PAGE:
By Paul Federwitz
We have come to depend on technology in every aspect of our work. I have watched this firsthand as an MK and now a missionary. Growing up in a small village in Liberia, my dad worked with a team doing the Bible translation on paper. In the evenings my mom would type up the current day’s work on a typewriter that had been manually converted to handle the special characters of the local language. The height of technology was using the two-way radio to check in with our office in the capital city. Now we use technology not just to communicate with our coworkers, but to turn in receipts, interact with our donors, and even share the message of Christ through the web and apps on our phones.
Technology is expensive. Computers, servers, and countless other devices need to be replaced when something smaller and better comes out, or when it simply stops functioning. Software is no longer something we purchase, but is a subscription that comes with frequent updates that have to be rolled out and people trained. We don’t seem to “own” technology anymore, we are just its handlers. And those professional handlers, the IT staff, can cost a lot of money by themselves.
Is IT just a necessary evil that every organization has to put up with? Is it the price that we have to pay because we cannot do our work without it? Is there a way to take this department which costs so much and turn it into a strategic advantage?
The key issue that we have to address is how closely IT is aligned with our core ministry. Does the value that it provides stop at keeping business systems going, or does it flow into all of the goals of the organization? As I work with IT people from many different organizations, unfortunately I have seen so many who are standing on the sidelines simply reacting to the questions and problems that come up. Some are on there by their own choice, others are there because the organization does not understand how to use them.
There are two major resources that IT people bring to the table. First, they know technology. In a world where technology is changing at an ever increasing rate, here we have a group of people who get excited about learning about the next great thing. Second, they know your organization from top to bottom. The same people are helping everybody from front line workers to the CEO with their problems. They have a view across departments in a way that nobody else does. They can see what is working and are very aware of what is either failing or is grossly inefficient.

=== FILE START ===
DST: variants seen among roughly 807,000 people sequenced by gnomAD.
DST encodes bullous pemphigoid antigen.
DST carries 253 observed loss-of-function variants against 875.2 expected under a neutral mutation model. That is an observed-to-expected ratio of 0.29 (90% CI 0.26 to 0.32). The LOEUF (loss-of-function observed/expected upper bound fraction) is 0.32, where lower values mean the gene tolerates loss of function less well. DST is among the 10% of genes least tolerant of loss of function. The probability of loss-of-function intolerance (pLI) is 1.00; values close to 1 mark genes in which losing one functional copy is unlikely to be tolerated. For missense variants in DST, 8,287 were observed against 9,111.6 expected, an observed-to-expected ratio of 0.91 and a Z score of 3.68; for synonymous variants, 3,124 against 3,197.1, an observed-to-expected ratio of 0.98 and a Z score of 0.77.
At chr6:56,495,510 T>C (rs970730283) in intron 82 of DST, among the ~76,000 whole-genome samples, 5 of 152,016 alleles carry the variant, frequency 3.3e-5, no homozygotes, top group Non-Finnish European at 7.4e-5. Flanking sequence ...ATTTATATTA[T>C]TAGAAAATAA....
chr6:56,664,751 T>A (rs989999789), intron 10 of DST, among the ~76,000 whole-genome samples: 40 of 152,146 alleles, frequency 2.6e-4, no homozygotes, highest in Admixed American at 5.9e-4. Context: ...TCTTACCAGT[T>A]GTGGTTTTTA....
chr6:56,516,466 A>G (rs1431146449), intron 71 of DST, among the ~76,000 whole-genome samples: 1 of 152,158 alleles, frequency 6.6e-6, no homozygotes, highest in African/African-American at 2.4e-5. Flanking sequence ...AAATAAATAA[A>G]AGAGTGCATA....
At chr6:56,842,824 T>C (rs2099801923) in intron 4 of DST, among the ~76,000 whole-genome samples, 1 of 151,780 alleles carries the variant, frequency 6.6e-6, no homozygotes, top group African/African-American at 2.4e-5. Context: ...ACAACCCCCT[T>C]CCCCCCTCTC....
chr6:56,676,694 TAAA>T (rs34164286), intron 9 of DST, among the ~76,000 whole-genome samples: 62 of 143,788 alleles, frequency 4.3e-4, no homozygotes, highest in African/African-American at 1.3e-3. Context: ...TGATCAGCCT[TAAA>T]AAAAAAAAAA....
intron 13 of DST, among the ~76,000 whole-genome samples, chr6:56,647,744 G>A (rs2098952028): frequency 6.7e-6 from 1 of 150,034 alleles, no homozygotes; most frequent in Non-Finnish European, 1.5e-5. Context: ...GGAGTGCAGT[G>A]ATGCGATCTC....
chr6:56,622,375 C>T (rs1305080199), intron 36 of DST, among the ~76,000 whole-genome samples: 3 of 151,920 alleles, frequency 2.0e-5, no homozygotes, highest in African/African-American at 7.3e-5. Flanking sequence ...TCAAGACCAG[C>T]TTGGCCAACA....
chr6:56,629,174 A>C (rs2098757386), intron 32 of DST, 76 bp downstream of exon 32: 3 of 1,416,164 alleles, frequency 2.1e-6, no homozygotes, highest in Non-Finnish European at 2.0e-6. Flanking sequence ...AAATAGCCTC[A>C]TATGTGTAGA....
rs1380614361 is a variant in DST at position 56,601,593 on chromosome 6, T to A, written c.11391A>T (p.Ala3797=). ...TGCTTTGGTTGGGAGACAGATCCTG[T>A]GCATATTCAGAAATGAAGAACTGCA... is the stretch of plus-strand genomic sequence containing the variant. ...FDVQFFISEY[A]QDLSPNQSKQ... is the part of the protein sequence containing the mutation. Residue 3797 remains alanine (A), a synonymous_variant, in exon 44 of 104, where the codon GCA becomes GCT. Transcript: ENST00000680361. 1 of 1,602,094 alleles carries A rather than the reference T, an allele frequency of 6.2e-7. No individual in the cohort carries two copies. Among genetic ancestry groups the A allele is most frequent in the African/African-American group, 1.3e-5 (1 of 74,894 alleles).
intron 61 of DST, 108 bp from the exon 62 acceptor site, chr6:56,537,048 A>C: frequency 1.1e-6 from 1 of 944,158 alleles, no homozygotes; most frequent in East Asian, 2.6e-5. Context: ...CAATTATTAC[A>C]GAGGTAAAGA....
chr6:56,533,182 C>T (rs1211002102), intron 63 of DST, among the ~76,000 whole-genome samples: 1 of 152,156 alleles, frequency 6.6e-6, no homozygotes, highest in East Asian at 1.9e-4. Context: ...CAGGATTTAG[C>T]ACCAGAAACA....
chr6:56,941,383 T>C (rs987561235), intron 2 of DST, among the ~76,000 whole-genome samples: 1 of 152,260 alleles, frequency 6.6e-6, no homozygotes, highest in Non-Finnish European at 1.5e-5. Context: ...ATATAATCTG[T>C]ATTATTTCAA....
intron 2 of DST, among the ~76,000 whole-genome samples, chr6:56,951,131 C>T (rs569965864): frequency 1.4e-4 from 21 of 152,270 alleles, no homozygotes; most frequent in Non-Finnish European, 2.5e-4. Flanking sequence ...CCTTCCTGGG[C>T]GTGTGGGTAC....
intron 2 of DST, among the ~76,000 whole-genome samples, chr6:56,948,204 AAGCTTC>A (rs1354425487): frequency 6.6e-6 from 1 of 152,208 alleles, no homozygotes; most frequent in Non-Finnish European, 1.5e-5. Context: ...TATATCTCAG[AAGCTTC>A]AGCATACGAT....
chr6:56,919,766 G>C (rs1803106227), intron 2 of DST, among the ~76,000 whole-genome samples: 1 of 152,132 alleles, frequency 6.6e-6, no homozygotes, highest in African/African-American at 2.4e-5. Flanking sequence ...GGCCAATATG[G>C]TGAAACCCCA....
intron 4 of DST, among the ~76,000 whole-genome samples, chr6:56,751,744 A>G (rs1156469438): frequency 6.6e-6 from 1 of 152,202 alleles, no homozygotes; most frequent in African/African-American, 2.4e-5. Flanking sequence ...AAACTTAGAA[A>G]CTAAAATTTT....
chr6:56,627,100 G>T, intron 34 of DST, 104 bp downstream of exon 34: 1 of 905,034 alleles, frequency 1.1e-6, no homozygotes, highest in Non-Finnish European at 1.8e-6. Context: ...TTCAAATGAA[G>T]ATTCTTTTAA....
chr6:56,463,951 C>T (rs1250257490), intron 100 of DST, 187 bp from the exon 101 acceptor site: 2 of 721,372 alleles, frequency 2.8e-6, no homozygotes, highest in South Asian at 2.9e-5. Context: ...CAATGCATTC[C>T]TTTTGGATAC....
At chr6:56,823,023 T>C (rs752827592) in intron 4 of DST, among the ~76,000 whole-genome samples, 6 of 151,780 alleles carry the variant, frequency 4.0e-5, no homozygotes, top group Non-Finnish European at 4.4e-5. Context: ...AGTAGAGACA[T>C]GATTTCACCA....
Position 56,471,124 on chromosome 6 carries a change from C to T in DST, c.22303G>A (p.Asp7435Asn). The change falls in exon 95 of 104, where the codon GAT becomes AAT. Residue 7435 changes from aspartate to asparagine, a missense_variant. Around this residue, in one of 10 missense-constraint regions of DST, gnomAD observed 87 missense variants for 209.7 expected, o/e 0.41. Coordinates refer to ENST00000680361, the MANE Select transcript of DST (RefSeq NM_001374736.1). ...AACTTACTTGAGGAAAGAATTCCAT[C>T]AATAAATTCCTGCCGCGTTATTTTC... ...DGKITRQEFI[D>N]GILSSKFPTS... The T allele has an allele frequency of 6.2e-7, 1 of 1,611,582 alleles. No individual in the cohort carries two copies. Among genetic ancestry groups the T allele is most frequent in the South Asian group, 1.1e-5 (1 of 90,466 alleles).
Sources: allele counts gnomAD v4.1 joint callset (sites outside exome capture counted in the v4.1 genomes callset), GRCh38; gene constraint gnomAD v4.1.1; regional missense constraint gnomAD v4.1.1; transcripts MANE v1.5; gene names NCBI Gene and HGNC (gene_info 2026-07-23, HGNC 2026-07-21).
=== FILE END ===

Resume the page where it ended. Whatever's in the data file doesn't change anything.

The true value is wrought from IT when they are fully connected to the mission of the organization. I like how Otto Berkes, the Chief Technology Officer for Computer Associates puts it, “Today, I think and operate as a business leader who also has the expertise to be able to use technology effectively to realize business potential.” That is where we want IT to be, somebody who thinks about organizational goals first, and technology only as a way to meet them.
To do this, we have to get IT people, and especially IT leaders, out of the IT department. Derek Hutson talks about a CIO that physically moved his office next to that of his boss so that he could better understand the business needs. I believe that IT leaders should be spending as much time in organizational strategy meetings as they spend in technology meetings. Please also take the time to mentor an IT person. They have a lot to learn about how the mission functions and where it is going. If you also listen to them, you might just learn a few tricks to make your tech life easier.
When IT is thinking about mission strategy first, the organization gets the full value from this expensive resource. IT people are able to apply their research on new technology and their understanding of struggles that other people are having, and come up with creative solutions to problems you may not even know you are having.
IT can bring a lot of value to your organization, but only if it is fully invested and engaged with all aspects of your ministry.
Paul Federwitz manages IT for Lutheran Bible Translators. Based in Ghana, his interests range from business process reengineering to using Android more effectively in the translation process. You can follow his personal blog about technology in mission and the role that IT plays at http://pafederwitz.wordpress.com.
This article is submitted by Paul Federwitz of Lutheran Bible Translators. Lutheran Bible Translators is a Missio Nexus member. Member organizations can provide content to the Missio Nexus website. See how by clicking here.